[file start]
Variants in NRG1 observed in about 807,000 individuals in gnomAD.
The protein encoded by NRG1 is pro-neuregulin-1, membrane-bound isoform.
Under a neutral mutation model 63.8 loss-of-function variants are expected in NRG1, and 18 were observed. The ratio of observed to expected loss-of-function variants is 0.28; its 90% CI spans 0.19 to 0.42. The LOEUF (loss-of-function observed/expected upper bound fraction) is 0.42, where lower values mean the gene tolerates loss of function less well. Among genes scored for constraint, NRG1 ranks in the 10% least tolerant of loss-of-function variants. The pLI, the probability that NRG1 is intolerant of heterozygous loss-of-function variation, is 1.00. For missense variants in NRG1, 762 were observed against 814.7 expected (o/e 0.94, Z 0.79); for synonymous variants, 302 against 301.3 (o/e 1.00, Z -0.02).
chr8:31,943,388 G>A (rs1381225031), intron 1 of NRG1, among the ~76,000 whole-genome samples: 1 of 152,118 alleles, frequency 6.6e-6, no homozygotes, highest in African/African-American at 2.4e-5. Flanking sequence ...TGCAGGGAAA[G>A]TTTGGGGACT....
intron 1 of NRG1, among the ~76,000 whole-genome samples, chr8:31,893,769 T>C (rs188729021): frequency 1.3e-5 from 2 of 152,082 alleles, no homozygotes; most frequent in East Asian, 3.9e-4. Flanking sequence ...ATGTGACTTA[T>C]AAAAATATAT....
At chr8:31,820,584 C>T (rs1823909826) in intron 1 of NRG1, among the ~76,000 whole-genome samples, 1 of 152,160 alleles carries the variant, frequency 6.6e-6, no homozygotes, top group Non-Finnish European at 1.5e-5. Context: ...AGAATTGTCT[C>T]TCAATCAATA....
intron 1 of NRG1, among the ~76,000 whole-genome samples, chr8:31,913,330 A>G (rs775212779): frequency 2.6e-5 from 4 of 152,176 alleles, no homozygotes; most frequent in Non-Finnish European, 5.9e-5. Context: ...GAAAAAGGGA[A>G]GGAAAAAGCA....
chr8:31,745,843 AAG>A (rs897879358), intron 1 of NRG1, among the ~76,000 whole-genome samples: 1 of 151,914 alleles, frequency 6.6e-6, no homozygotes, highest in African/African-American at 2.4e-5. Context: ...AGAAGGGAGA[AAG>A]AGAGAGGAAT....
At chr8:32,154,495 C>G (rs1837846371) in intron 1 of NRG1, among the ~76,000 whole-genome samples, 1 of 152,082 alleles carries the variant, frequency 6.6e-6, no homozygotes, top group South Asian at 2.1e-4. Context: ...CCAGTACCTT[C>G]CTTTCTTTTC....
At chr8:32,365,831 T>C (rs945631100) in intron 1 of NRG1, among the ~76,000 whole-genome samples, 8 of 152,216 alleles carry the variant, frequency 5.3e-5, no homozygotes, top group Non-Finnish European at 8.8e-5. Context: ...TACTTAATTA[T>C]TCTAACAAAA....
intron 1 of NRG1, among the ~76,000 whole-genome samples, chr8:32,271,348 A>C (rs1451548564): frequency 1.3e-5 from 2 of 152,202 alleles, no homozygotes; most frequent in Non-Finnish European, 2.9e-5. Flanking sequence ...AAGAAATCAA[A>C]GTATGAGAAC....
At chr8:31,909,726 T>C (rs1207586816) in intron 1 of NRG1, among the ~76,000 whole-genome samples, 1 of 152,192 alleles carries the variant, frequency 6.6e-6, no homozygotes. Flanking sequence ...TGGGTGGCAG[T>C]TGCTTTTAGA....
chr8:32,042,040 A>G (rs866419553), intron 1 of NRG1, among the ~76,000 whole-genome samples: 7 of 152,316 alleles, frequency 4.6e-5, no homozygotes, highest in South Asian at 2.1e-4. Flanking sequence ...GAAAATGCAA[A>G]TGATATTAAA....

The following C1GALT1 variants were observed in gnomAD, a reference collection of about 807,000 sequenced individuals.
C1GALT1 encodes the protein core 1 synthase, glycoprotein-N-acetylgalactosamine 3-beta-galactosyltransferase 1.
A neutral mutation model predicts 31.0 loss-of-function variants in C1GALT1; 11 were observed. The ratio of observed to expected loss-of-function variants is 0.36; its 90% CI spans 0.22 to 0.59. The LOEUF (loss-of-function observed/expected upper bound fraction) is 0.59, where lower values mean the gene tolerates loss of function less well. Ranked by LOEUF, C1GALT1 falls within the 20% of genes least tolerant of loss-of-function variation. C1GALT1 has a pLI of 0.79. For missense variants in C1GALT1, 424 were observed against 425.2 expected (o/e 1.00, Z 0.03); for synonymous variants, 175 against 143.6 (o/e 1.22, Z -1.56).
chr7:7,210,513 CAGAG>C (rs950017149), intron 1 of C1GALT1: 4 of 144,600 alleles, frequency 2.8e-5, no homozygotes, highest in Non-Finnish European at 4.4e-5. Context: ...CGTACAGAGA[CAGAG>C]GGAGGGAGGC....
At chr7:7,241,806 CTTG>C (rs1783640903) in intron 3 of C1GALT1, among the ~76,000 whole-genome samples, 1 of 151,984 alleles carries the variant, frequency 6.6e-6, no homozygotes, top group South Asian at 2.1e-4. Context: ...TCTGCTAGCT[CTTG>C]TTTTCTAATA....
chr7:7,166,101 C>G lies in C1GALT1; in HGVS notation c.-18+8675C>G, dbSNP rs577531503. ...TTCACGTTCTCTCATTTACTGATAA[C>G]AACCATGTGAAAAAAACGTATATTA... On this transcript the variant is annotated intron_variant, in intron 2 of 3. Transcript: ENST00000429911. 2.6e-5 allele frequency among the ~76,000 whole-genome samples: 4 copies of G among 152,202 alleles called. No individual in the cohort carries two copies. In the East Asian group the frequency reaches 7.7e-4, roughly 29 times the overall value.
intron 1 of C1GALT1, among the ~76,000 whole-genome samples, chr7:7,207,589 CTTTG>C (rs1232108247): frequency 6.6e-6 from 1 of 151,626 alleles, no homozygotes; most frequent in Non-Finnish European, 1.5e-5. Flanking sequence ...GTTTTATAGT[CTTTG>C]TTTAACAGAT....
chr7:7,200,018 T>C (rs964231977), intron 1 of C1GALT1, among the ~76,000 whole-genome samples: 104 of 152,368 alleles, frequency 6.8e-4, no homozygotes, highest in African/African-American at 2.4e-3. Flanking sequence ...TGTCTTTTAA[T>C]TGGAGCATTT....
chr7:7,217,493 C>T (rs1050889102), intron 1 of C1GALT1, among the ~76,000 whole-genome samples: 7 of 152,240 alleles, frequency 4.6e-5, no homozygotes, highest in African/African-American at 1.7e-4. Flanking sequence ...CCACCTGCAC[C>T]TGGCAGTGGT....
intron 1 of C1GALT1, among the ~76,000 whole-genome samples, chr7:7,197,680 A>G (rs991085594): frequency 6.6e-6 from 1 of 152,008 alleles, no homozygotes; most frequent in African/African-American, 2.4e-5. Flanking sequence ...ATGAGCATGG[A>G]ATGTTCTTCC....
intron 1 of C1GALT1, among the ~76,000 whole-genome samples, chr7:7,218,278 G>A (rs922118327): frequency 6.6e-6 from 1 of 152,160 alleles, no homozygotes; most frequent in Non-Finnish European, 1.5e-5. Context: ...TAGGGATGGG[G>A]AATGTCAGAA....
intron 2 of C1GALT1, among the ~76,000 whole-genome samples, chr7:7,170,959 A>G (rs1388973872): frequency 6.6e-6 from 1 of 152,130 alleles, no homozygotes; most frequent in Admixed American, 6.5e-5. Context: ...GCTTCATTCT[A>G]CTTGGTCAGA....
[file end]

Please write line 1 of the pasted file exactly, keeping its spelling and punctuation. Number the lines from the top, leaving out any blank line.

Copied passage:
Variants in NRG1 observed in about 807,000 individuals in gnomAD.